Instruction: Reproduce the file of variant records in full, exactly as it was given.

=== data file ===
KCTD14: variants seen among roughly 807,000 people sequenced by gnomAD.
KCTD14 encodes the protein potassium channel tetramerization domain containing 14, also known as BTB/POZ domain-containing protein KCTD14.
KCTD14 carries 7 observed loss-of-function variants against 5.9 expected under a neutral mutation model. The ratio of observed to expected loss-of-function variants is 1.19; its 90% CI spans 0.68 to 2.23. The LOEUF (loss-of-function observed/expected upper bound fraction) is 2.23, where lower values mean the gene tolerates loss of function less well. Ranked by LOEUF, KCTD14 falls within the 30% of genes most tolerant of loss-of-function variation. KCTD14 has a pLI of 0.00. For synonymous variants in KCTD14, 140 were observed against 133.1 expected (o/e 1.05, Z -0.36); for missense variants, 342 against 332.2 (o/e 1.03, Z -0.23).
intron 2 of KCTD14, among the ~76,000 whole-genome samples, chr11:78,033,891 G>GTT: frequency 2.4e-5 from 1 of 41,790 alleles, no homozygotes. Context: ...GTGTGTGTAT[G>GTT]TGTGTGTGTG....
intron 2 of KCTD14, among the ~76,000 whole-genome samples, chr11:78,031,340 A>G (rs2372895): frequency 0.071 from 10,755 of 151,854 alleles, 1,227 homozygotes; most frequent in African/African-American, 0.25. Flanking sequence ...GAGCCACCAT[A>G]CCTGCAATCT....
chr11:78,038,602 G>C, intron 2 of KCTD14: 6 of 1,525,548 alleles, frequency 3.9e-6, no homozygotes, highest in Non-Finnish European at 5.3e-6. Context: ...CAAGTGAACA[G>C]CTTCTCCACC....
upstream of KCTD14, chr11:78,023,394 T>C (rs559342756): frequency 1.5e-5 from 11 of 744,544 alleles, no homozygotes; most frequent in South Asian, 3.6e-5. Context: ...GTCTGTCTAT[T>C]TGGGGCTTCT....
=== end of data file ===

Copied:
KCTD14: variants seen among roughly 807,000 people sequenced by gnomAD.
KCTD14 encodes the protein potassium channel tetramerization domain containing 14, also known as BTB/POZ domain-containing protein KCTD14.
KCTD14 carries 7 observed loss-of-function variants against 5.9 expected under a neutral mutation model. The ratio of observed to expected loss-of-function variants is 1.19; its 90% CI spans 0.68 to 2.23. The LOEUF (loss-of-function observed/expected upper bound fraction) is 2.23, where lower values mean the gene tolerates loss of function less well. Ranked by LOEUF, KCTD14 falls within the 30% of genes most tolerant of loss-of-function variation. KCTD14 has a pLI of 0.00. For synonymous variants in KCTD14, 140 were observed against 133.1 expected (o/e 1.05, Z -0.36); for missense variants, 342 against 332.2 (o/e 1.03, Z -0.23).
intron 2 of KCTD14, among the ~76,000 whole-genome samples, chr11:78,033,891 G>GTT: frequency 2.4e-5 from 1 of 41,790 alleles, no homozygotes. Context: ...GTGTGTGTAT[G>GTT]TGTGTGTGTG....
intron 2 of KCTD14, among the ~76,000 whole-genome samples, chr11:78,031,340 A>G (rs2372895): frequency 0.071 from 10,755 of 151,854 alleles, 1,227 homozygotes; most frequent in African/African-American, 0.25. Flanking sequence ...GAGCCACCAT[A>G]CCTGCAATCT....
chr11:78,038,602 G>C, intron 2 of KCTD14: 6 of 1,525,548 alleles, frequency 3.9e-6, no homozygotes, highest in Non-Finnish European at 5.3e-6. Context: ...CAAGTGAACA[G>C]CTTCTCCACC....
upstream of KCTD14, chr11:78,023,394 T>C (rs559342756): frequency 1.5e-5 from 11 of 744,544 alleles, no homozygotes; most frequent in South Asian, 3.6e-5. Context: ...GTCTGTCTAT[T>C]TGGGGCTTCT....